Attic Dipole


Ideally you'd like to set up your dipole as high as you can, say suspended horizontally between two very tall trees. That, however, is not always possible, due to lack of knowledge of how to do that, lack of trees, or due to the rules if you live in a homeowner's association (HOA). There is a solution for this scenario, the attic dipole.

The attic dipole is what it sounds like; a dipole suspended in the attic of your home. There are some benefits and drawbacks of this solution. Some benefits are that you get your antenna up, no one can see it, and you don't have to worry about bad weather. The con of this approach is that you lose the strong benefits of having a dipole up high, as well as most likely having to have your dipole not be in a straight line.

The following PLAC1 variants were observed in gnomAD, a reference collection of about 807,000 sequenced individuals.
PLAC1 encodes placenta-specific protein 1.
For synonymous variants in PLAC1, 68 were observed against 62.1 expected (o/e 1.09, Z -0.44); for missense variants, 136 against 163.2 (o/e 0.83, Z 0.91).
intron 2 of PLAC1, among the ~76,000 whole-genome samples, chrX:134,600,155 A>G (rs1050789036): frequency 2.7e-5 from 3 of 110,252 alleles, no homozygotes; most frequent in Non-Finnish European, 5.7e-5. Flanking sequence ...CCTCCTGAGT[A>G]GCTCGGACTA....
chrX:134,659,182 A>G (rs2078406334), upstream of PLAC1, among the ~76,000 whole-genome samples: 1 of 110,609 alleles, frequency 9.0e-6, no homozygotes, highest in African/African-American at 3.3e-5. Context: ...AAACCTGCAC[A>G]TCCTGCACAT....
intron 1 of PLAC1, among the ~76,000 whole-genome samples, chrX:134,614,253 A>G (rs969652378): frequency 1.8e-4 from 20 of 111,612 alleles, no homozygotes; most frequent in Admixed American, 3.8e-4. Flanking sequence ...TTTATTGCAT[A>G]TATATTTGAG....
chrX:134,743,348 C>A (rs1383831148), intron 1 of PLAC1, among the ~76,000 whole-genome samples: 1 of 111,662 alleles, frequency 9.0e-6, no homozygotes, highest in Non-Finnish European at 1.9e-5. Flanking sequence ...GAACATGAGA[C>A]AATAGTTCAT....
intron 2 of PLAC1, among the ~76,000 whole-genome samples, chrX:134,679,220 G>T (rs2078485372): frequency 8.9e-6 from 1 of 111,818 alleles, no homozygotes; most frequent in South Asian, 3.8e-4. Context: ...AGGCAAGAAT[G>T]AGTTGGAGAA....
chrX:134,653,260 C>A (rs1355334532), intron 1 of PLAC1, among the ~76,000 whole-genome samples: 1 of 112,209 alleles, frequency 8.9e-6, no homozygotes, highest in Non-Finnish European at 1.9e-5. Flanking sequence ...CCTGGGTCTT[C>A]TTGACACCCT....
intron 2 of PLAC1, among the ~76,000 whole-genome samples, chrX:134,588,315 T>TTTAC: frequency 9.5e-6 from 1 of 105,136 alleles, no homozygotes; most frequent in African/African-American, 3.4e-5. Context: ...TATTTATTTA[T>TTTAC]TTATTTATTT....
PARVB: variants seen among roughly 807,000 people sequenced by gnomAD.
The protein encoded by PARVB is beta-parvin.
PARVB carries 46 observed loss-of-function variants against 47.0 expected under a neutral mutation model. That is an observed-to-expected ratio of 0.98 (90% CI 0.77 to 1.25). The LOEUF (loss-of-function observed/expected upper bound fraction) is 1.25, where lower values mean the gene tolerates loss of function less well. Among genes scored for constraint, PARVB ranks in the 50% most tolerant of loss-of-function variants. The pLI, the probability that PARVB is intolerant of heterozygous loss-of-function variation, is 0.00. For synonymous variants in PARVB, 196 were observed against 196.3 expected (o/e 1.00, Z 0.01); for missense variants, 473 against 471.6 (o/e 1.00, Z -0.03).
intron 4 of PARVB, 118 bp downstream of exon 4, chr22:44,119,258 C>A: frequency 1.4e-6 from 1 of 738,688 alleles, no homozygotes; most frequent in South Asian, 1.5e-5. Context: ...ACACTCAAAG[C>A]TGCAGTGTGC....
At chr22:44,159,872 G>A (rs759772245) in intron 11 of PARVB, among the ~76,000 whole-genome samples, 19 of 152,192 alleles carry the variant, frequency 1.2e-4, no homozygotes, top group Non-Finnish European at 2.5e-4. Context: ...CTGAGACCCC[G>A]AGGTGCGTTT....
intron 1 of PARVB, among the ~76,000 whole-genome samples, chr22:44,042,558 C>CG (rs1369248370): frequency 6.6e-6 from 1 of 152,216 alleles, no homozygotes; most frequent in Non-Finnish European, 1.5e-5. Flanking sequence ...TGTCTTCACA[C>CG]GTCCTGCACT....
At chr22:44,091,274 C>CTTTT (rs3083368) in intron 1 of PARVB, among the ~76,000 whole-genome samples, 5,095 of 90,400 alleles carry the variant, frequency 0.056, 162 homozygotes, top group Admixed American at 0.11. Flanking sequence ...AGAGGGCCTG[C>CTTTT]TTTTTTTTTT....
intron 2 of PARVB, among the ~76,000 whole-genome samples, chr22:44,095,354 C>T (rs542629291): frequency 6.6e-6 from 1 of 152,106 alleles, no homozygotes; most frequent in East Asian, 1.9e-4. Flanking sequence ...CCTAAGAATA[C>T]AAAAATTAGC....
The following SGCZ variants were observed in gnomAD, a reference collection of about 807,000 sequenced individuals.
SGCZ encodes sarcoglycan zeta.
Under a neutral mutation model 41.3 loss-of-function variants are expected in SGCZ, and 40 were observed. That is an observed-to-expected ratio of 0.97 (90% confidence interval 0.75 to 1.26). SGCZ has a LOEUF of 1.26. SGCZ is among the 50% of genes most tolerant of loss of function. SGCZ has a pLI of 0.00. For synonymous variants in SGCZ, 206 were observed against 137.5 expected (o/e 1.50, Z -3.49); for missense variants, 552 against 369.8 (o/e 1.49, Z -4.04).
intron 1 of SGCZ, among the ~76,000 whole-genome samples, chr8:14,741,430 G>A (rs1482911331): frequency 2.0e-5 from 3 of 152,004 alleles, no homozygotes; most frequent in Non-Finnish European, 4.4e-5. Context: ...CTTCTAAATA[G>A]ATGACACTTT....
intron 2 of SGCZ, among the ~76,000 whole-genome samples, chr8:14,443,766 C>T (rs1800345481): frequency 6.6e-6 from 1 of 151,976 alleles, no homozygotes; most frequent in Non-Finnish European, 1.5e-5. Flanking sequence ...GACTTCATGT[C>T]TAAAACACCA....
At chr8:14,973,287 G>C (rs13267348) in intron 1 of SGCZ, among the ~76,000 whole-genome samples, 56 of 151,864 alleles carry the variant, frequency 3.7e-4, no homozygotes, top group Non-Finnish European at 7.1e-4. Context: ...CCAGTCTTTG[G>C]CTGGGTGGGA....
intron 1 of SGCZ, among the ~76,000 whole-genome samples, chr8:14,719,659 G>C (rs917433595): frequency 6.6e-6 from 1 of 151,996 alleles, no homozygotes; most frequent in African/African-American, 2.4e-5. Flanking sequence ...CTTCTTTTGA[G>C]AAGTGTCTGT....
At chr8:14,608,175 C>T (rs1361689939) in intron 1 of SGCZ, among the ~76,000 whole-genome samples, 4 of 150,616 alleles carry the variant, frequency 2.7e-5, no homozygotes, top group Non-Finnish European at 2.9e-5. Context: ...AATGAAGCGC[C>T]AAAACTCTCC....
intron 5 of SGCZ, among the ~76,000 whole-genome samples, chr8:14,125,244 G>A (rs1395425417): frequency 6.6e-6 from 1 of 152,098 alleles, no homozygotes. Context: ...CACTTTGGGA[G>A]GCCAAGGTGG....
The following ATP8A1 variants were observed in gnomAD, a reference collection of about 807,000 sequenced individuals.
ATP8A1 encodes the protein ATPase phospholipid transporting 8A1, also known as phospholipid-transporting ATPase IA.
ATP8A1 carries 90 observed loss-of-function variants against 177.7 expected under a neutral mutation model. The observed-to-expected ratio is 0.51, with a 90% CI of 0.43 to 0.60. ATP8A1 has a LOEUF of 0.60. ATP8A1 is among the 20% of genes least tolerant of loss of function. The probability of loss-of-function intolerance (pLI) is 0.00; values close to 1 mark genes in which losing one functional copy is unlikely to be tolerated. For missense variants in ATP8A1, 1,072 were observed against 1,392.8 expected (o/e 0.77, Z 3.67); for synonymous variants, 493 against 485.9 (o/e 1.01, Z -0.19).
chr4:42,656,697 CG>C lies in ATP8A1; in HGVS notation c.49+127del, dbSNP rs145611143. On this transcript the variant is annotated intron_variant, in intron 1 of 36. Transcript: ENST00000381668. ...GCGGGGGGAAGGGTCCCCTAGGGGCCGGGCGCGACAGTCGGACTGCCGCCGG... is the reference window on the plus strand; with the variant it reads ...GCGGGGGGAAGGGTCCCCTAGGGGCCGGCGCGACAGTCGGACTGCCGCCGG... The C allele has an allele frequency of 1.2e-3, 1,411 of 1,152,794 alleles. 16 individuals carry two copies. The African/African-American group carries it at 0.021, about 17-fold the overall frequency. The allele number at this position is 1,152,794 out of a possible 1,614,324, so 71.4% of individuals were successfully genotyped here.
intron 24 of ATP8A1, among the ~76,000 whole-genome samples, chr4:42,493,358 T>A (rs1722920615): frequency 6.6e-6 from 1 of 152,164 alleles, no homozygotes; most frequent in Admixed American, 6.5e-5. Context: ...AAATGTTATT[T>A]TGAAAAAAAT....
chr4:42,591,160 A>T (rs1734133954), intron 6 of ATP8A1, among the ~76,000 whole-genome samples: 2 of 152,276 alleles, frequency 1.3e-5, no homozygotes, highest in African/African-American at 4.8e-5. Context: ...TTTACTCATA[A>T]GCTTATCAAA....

This is the dipole that I ended up using, a Falcon 40m half-wave dipole:

I always run using ~5 watts, so therefore I just hung the dipole from the rafters. If I was using high power I'd definitely take a different approach. The coax cable goes out from the dipole and runs under some insulation and drywall (which I drilled a coax cable sized hole) into the room where I have my radio.

Note that there may be a "not in a straight line" issue I mentioned because you run out of length of your attic space. This happened to me. We compromise and make due with what we have.

From this layout, and a simple QRP radio (the MFJ-9200), I have been able to have Morse code contacts from the DC metro area, Canada, Oregon, and Cuba. Considering this is with a compromise antenna setup, this is a great success.

In the future I'd like to have two dipoles and an antenna switcher. I'd have an identical dipole up high in our tall trees which I would use primarily. Then, if weather is poor, I'd switch to the dipole in the attic.

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